Principal Investigator

Lisa A. DeLouise, Ph.D., M.P.D. University of Rochester work Box 697 601 Elmwood Ave Rochester NY 14642 office: MC 6-6823 p (585) 275-1810 f (585) 273-1346

Developing Novel Agents to Detect Nanomaterials in Skin

Figure 1. Bacterial culture infected with phage

We are developing reagents call NProbes to detect nanomaterials (e.g. carbon nanotubes, quantum dots, metal and metal oxide nanoparticles) in tissues that may not observed using common analytical techniques. This may be due for example, to their low presence, a high tissue autofluorescence background, an inability to achieve adequate nanoscale resolution or an inability to distinguish them from endogenous features. NProbe reagents will function similar to antibodies. NProbes will fuse with an enzymatic reporter thereby allowing signal amplification and detection using standard immunohistochemistry. The NProbe reagents will thus serve as diagnostic tools to aid in the detection of both fluorescent and non-fluorescent nanomaterials in biological systems that may be present in low levels using commonly used microscopic techniques.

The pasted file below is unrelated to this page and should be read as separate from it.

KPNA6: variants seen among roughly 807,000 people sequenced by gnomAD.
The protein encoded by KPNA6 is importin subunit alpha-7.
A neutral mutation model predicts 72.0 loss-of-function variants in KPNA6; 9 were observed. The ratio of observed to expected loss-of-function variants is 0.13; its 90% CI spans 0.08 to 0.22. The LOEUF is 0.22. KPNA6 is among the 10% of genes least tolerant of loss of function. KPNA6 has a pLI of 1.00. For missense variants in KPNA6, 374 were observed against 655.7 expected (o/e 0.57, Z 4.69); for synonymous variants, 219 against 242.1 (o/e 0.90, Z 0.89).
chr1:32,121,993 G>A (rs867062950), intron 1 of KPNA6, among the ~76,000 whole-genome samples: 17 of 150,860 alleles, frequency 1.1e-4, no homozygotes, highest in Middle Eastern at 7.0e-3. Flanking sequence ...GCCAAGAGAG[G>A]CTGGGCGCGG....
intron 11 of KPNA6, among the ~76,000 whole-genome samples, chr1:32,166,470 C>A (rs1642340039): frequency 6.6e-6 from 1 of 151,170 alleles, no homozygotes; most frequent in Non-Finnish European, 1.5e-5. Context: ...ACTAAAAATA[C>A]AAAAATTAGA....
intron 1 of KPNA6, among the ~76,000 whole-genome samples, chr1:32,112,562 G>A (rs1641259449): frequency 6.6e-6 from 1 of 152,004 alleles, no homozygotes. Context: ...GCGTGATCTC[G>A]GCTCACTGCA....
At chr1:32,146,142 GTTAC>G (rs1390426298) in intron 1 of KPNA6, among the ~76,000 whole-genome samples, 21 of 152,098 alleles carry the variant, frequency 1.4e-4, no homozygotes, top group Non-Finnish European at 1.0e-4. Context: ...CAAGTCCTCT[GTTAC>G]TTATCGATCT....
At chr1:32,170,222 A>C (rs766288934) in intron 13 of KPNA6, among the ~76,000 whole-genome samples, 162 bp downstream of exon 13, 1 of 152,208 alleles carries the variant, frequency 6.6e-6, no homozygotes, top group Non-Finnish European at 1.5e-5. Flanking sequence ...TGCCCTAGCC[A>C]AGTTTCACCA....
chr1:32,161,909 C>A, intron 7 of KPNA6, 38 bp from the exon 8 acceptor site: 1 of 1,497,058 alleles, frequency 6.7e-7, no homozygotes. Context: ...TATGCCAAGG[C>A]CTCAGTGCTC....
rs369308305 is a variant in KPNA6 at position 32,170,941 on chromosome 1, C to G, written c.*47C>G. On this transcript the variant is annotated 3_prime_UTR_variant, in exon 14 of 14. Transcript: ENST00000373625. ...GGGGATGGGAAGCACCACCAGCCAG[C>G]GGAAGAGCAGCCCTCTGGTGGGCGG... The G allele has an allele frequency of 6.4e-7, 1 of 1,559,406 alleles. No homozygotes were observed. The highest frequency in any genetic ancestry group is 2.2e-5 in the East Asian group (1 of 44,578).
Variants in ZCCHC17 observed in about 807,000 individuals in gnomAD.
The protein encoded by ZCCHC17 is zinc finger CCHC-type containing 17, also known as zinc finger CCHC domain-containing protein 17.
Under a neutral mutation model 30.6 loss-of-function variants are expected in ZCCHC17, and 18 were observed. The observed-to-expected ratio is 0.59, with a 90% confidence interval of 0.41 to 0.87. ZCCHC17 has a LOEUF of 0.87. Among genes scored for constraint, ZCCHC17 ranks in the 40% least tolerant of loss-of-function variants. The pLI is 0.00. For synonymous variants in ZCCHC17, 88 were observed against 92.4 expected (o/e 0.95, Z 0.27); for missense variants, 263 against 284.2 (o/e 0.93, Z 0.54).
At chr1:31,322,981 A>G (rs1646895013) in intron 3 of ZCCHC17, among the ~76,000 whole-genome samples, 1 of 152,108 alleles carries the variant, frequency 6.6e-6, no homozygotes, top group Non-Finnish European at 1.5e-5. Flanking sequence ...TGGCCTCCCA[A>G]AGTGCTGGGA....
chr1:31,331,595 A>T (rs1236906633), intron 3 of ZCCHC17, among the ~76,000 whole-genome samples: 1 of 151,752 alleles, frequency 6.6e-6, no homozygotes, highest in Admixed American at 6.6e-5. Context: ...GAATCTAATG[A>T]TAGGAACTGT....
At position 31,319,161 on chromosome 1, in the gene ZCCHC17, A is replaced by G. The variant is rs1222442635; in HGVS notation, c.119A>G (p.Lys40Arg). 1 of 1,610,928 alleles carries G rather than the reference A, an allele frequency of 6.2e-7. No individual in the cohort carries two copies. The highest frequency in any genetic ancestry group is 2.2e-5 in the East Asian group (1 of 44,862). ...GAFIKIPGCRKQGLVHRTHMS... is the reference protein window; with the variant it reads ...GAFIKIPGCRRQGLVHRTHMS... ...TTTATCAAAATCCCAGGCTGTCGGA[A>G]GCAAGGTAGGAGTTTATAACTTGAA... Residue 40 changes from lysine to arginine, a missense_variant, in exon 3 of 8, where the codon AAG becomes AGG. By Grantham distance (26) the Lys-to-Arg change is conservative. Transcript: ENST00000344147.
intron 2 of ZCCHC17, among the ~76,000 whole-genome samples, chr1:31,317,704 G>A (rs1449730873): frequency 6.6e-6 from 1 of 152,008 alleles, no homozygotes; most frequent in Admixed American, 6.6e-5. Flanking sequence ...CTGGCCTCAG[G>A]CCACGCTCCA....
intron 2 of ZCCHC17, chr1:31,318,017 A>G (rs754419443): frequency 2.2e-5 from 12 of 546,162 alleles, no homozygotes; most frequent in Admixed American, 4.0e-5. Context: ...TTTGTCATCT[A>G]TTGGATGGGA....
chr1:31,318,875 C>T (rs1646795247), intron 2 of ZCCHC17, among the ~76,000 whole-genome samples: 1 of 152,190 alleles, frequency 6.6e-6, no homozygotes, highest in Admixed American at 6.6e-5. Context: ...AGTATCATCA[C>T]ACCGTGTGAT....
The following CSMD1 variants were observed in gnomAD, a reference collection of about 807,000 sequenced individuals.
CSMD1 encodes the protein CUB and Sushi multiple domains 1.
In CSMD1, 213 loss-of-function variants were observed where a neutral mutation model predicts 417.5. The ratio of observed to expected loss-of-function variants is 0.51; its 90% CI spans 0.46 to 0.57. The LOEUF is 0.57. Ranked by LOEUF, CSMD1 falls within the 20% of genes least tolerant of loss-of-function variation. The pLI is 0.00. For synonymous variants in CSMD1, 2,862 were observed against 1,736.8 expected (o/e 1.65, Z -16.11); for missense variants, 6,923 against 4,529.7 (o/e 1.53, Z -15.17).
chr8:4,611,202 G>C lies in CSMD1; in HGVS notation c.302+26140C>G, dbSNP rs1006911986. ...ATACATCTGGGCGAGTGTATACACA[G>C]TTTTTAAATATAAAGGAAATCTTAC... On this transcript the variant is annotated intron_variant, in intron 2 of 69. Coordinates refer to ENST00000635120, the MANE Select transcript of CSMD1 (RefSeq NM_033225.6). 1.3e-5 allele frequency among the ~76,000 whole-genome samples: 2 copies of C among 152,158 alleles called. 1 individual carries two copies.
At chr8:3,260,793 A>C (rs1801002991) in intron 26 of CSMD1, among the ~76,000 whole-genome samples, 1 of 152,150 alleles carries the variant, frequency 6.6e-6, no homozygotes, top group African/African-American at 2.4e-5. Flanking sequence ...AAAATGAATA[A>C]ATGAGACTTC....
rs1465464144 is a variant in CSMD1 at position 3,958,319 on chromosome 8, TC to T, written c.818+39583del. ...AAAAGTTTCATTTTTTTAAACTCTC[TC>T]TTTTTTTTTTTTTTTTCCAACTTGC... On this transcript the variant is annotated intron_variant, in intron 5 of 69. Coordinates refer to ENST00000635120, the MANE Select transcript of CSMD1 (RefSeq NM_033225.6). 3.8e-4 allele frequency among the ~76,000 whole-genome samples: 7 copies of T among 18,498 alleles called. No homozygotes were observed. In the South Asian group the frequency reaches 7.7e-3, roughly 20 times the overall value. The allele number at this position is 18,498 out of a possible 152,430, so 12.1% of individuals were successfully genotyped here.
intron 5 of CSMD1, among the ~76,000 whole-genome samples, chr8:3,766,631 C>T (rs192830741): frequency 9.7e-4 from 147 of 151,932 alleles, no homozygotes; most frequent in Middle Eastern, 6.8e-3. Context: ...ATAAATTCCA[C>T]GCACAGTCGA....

Phage display technology is used to identify NProbes. Their binding will be dictated by nanomaterial properties such as size, surface chemistry, agglomeration state and charge. After panning (mixing the phage with nanomaterials) and washing , the bound phage are recovered and amplified in bacteria (Fig. 1). To test for enrichment, colonies are randomly selected from the culture plate and an endonuclease digest is performed to look for duplicates (Fig. 2). Binders that are observed are converted to NProbe reagents that can be used to analyze histologic sections. Areas that stain dark blue indicate presence of nanomaterials which in some case can be confirmed using other analytical techniques.

Figure 2. 2 Clones are randomly selected and digested to look for repeats

Figure 3. Histologic skin section treated with nanoparticles and examined with NProbes

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